Thomas Dimuzio — Balance
(Bandcamp Gench TD234, 2020, 3CD)
Thomas Dimuzio — Slew Tew
(Bandcamp Gench no#, 2020, CD / DL)
by Peter Thelen, Published 2020-11-14
Based in the San Francisco Bay Area, Dimuzio has been flying under the radar of most listeners since he first arrived on the local music scene in the late 80s. A composer, multi-instrumentalist, experimental electronic musician, sound sculptor, improvisor, collaborator, and mastering engineer, he has been busy honing his craft all these years with little or even less recognition from the music world as a whole, perhaps with the exception of a small cadre of experimental music enthusiasts from around the globe. Early on, his work caught the attention of Chris Cutler and Fred Frith, with whom he’s collaborated numerous times in recordings and live performances, as well as like-minded musicians like David Lee Myers, Wobbly, Dan Burke, Voice of Eye, and many more. When a musician is defined as an electronic musician, the image that typically comes to mind is that of a keyboardist with synthesizers in tow, but with Dimuzio nothing could be further from the truth. His sound sculptures bear little resemblance to any conventional music — typically there is no rhythm, meter or cadence, little melody or key to be found therein, and rather than the convention of a keyboard, his sound sources can include just about anything, from twiddling the knobs on a modular rack synth, field recordings, samples, loops, extreme signal processing, microphones, and intercepted signal feeds from his collaborators, or in some cases even conventional musical instruments being played in unconventional ways. Most of the time it’s nearly impossible to listen to the sounds he’s making and know exactly (or even roughly) how they are being made. Welcome to Dimuzio’s world of experimental sounds. Expect the unexpected.
With Balance, Dimuzio has assembled three full-length CDs of live collaborations featuring 49 different artists culled from 28 live performances spanning ten years. The pieces span the range of textural, dark ambient, noise, experimental and electro-acoustic sounds, using live sampling and modular electronics in various configurations. Some of his collaborators in these endeavors will be known to most Exposé readers, others will be relatively unknown to anyone outside of experimental music circles, refer to Dimuzio’s Bandcamp page (link below) for all of the details of the 28 tracks and who the collaborators are on each of them. The first of the three discs focuses on duo collaboration performances, the second disc on trios, and the third disc on combos of four or more performers (although some trios snuck in on the last disc). As one might suspect, the first disc of duos tends to be the most experimental of the three, but there are no hard fast rules here, and in fact what the listener hears in general is not particularly abrasive or what one would call difficult listening, though for persons who are only used to hearing rock music — even progressive rock music, the sounds on any of these three discs may certainly be somewhat challenging the first time through. Listening to all three discs back to back — they are roughly seventy minutes each, might also be an endurance challenge, but after four or five spins of the full set, I can honestly say that I’m looking forward to the next spin. The sounds, as strange as they are, are nonetheless immersive and relaxing. Probably it’s best to take it on one disc at a time for better assimilation. I could try and describe a number of these pieces, but as one might imagine, these sounds are pretty difficult to describe, so it’s probably best to jump over to Dimuzio’s Bandcamp page and hear them for yourself.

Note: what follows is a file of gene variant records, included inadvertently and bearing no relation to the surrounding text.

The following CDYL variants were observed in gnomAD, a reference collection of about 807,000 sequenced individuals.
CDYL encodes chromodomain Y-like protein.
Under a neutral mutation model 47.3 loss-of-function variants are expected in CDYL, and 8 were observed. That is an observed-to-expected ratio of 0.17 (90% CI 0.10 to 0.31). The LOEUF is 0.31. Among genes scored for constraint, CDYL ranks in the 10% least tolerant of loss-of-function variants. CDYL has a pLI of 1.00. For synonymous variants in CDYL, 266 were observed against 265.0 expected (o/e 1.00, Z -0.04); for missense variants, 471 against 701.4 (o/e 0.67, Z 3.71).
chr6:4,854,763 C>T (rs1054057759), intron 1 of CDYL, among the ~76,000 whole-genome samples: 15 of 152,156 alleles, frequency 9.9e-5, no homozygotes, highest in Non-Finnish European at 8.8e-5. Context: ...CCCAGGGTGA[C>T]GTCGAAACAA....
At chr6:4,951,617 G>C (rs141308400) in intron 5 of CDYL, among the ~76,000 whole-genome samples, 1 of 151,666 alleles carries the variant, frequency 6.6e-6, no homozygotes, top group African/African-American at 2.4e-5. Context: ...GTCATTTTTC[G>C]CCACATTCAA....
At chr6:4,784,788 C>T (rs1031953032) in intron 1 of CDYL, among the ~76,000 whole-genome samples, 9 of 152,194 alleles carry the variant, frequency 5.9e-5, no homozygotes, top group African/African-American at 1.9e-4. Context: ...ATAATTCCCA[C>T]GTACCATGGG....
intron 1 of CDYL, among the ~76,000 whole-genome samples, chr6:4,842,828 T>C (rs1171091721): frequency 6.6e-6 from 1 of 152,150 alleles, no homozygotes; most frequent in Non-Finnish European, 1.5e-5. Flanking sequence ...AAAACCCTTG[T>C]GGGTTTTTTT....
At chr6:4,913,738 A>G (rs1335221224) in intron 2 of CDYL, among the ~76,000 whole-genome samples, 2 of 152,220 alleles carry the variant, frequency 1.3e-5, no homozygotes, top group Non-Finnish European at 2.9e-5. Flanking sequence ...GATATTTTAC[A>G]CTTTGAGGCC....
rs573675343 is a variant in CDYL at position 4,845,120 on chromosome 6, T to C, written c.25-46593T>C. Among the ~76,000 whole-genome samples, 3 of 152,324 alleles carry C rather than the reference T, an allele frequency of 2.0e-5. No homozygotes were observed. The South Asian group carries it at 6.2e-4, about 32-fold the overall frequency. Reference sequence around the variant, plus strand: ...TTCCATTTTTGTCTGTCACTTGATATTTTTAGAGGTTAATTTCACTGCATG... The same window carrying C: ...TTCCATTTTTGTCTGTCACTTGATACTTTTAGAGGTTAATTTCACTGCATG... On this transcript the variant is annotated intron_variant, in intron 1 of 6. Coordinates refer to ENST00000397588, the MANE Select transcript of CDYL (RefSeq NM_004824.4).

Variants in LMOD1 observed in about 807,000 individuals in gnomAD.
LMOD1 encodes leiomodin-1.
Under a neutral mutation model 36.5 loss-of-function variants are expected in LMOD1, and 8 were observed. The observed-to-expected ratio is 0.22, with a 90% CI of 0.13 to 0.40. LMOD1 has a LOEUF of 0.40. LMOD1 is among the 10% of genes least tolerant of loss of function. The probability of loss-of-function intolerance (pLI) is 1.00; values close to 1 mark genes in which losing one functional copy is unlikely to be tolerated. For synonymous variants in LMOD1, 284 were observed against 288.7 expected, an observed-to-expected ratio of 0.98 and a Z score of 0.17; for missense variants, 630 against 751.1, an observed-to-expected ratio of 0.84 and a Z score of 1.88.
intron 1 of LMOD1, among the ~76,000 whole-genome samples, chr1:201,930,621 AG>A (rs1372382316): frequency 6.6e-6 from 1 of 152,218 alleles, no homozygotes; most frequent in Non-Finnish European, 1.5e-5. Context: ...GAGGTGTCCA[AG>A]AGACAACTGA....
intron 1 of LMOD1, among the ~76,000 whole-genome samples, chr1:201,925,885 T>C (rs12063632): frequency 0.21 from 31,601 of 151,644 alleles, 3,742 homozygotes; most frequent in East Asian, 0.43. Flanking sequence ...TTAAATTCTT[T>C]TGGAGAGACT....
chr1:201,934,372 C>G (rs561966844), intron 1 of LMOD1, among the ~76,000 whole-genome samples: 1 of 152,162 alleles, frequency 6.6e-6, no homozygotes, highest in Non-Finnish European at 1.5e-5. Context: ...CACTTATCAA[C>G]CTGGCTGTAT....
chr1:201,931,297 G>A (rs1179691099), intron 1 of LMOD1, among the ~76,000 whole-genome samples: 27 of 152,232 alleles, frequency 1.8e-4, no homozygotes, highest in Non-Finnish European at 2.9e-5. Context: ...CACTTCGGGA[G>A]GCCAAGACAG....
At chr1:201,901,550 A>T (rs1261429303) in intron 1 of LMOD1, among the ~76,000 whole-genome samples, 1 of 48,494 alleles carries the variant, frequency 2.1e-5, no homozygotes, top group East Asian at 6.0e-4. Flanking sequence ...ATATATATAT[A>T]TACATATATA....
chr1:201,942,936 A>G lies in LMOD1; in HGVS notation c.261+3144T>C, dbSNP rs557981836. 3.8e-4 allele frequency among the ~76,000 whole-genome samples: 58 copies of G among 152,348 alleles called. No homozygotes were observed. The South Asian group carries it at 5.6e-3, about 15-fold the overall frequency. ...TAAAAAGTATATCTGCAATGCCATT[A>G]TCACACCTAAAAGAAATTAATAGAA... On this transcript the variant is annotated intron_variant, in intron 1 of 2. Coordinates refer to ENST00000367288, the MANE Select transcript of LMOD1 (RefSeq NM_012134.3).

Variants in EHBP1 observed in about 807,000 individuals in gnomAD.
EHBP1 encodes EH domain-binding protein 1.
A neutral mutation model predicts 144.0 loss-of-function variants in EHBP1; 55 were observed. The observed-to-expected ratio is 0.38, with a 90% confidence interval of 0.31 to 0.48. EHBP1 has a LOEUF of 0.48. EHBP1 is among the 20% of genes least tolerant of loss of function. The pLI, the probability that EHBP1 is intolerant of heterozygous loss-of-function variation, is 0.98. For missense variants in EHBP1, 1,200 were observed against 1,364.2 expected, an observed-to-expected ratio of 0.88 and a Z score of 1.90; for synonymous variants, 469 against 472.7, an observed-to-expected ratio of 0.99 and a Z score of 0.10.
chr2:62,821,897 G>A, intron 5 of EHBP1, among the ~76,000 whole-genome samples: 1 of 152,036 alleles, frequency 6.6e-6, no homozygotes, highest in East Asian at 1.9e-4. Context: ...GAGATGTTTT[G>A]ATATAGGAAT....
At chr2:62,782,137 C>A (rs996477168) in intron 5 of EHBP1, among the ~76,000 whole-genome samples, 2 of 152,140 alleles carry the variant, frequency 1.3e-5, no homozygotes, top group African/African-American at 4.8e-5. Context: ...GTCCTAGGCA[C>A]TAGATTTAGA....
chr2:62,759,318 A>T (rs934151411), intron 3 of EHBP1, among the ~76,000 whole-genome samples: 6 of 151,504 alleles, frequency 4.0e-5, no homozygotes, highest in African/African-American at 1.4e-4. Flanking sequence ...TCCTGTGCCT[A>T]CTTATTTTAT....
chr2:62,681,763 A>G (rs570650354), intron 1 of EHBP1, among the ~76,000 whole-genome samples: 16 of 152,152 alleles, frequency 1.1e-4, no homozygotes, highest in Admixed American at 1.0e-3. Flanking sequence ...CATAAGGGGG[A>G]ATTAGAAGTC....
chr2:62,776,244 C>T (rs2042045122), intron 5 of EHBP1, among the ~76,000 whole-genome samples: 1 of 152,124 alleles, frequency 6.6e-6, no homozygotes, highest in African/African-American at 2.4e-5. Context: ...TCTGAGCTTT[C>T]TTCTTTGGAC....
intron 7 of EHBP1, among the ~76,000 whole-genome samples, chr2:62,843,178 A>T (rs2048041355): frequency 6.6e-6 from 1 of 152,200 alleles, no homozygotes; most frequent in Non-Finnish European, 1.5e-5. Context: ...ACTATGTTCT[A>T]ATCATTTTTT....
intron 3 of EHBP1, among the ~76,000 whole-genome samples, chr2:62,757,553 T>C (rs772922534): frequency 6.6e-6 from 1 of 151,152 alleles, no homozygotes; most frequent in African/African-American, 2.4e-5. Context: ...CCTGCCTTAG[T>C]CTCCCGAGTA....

Finally, many years ago (in 2004 to be exact), Dimuzio released a compilation titled Slew, which was mostly a collection of tracks which he submitted for numerous various artist compilations over the years up to that point in time. But 2004 was a long time ago, so it was time to do it again, so earlier in 2020 Dimuzio released his second compilation of compilation tracks titled Slew Tew, collecting thirteen cuts recorded between 2003 and 2017. Unlike the three discs of Balance, the pieces on Slew Tew are exclusively Dimuzio’s solo — mostly studio creations, not collaborations. The thirteen pieces are nothing if not adventurous, and would probably make for an excellent introduction to his solo studio work. The album’s final cut, “Song of the Humpbacks,” was recorded live at a surround-sound performance at the Exploratorium in San Francisco, the source being the calls of humpback whales (using NOAA source recordings further processed through Dimuzio’s electronics). Positively amazing. Both Balance and Slew Tew have been released as CDs on Dimuzio’s Gench Music label and can be ordered as such or downloaded on their respective Bandcamp sites below.
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